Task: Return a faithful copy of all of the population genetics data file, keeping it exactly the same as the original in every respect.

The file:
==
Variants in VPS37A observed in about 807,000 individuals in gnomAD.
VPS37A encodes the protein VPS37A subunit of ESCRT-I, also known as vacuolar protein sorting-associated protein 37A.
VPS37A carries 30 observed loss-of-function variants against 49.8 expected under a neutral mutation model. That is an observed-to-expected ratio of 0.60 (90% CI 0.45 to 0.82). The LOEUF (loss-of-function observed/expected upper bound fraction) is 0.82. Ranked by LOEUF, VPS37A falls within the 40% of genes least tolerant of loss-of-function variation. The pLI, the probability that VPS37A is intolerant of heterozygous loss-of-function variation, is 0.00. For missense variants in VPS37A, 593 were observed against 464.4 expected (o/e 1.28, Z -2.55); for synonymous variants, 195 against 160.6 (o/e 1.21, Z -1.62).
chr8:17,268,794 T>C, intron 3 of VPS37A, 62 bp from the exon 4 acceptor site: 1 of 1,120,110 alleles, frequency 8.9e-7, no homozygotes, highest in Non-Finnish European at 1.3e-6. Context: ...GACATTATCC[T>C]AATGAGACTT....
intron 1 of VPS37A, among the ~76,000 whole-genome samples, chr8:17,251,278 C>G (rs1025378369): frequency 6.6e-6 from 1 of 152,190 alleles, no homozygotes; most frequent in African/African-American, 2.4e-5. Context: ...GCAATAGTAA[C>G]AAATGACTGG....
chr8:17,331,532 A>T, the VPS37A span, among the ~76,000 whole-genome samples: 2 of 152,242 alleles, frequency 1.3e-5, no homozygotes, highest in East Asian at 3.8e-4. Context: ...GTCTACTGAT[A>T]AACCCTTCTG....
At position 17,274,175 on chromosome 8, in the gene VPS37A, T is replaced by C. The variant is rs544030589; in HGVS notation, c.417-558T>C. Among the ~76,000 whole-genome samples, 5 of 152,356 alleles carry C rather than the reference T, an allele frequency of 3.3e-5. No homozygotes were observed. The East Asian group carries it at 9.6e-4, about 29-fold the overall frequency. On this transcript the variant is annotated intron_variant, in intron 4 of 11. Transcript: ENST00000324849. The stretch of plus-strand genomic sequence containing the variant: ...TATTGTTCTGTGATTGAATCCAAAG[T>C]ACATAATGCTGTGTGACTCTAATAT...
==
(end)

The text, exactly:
Variants in VPS37A observed in about 807,000 individuals in gnomAD.
VPS37A encodes the protein VPS37A subunit of ESCRT-I, also known as vacuolar protein sorting-associated protein 37A.
VPS37A carries 30 observed loss-of-function variants against 49.8 expected under a neutral mutation model. That is an observed-to-expected ratio of 0.60 (90% CI 0.45 to 0.82). The LOEUF (loss-of-function observed/expected upper bound fraction) is 0.82. Ranked by LOEUF, VPS37A falls within the 40% of genes least tolerant of loss-of-function variation. The pLI, the probability that VPS37A is intolerant of heterozygous loss-of-function variation, is 0.00. For missense variants in VPS37A, 593 were observed against 464.4 expected (o/e 1.28, Z -2.55); for synonymous variants, 195 against 160.6 (o/e 1.21, Z -1.62).
chr8:17,268,794 T>C, intron 3 of VPS37A, 62 bp from the exon 4 acceptor site: 1 of 1,120,110 alleles, frequency 8.9e-7, no homozygotes, highest in Non-Finnish European at 1.3e-6. Context: ...GACATTATCC[T>C]AATGAGACTT....
intron 1 of VPS37A, among the ~76,000 whole-genome samples, chr8:17,251,278 C>G (rs1025378369): frequency 6.6e-6 from 1 of 152,190 alleles, no homozygotes; most frequent in African/African-American, 2.4e-5. Context: ...GCAATAGTAA[C>G]AAATGACTGG....
chr8:17,331,532 A>T, the VPS37A span, among the ~76,000 whole-genome samples: 2 of 152,242 alleles, frequency 1.3e-5, no homozygotes, highest in East Asian at 3.8e-4. Context: ...GTCTACTGAT[A>T]AACCCTTCTG....
At position 17,274,175 on chromosome 8, in the gene VPS37A, T is replaced by C. The variant is rs544030589; in HGVS notation, c.417-558T>C. Among the ~76,000 whole-genome samples, 5 of 152,356 alleles carry C rather than the reference T, an allele frequency of 3.3e-5. No homozygotes were observed. The East Asian group carries it at 9.6e-4, about 29-fold the overall frequency. On this transcript the variant is annotated intron_variant, in intron 4 of 11. Transcript: ENST00000324849. The stretch of plus-strand genomic sequence containing the variant: ...TATTGTTCTGTGATTGAATCCAAAG[T>C]ACATAATGCTGTGTGACTCTAATAT...